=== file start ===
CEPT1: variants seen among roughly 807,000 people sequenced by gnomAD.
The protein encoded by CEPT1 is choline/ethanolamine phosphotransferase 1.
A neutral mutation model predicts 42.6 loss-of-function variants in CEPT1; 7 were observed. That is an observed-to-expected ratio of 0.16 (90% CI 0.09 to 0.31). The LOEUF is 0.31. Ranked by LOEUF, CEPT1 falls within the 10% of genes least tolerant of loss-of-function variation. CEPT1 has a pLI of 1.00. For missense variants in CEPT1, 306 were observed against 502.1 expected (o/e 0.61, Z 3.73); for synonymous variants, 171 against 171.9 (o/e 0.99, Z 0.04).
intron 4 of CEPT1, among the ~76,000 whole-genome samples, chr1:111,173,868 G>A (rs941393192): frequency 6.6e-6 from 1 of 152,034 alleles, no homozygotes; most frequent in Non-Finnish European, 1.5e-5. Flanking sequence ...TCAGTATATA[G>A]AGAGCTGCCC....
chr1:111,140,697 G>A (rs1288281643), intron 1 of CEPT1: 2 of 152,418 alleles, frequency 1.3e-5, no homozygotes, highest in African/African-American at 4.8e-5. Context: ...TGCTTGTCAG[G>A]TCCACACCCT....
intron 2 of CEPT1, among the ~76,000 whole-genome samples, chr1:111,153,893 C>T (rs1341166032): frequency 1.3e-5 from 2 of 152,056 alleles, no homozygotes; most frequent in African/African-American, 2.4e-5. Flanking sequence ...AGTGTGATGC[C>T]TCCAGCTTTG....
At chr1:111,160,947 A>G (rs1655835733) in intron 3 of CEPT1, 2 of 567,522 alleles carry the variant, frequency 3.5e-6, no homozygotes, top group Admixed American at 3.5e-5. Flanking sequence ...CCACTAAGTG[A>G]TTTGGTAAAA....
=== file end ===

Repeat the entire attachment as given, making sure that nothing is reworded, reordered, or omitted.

CEPT1: variants seen among roughly 807,000 people sequenced by gnomAD.
The protein encoded by CEPT1 is choline/ethanolamine phosphotransferase 1.
A neutral mutation model predicts 42.6 loss-of-function variants in CEPT1; 7 were observed. That is an observed-to-expected ratio of 0.16 (90% CI 0.09 to 0.31). The LOEUF is 0.31. Ranked by LOEUF, CEPT1 falls within the 10% of genes least tolerant of loss-of-function variation. CEPT1 has a pLI of 1.00. For missense variants in CEPT1, 306 were observed against 502.1 expected (o/e 0.61, Z 3.73); for synonymous variants, 171 against 171.9 (o/e 0.99, Z 0.04).
intron 4 of CEPT1, among the ~76,000 whole-genome samples, chr1:111,173,868 G>A (rs941393192): frequency 6.6e-6 from 1 of 152,034 alleles, no homozygotes; most frequent in Non-Finnish European, 1.5e-5. Flanking sequence ...TCAGTATATA[G>A]AGAGCTGCCC....
chr1:111,140,697 G>A (rs1288281643), intron 1 of CEPT1: 2 of 152,418 alleles, frequency 1.3e-5, no homozygotes, highest in African/African-American at 4.8e-5. Context: ...TGCTTGTCAG[G>A]TCCACACCCT....
intron 2 of CEPT1, among the ~76,000 whole-genome samples, chr1:111,153,893 C>T (rs1341166032): frequency 1.3e-5 from 2 of 152,056 alleles, no homozygotes; most frequent in African/African-American, 2.4e-5. Flanking sequence ...AGTGTGATGC[C>T]TCCAGCTTTG....
At chr1:111,160,947 A>G (rs1655835733) in intron 3 of CEPT1, 2 of 567,522 alleles carry the variant, frequency 3.5e-6, no homozygotes, top group Admixed American at 3.5e-5. Flanking sequence ...CCACTAAGTG[A>G]TTTGGTAAAA....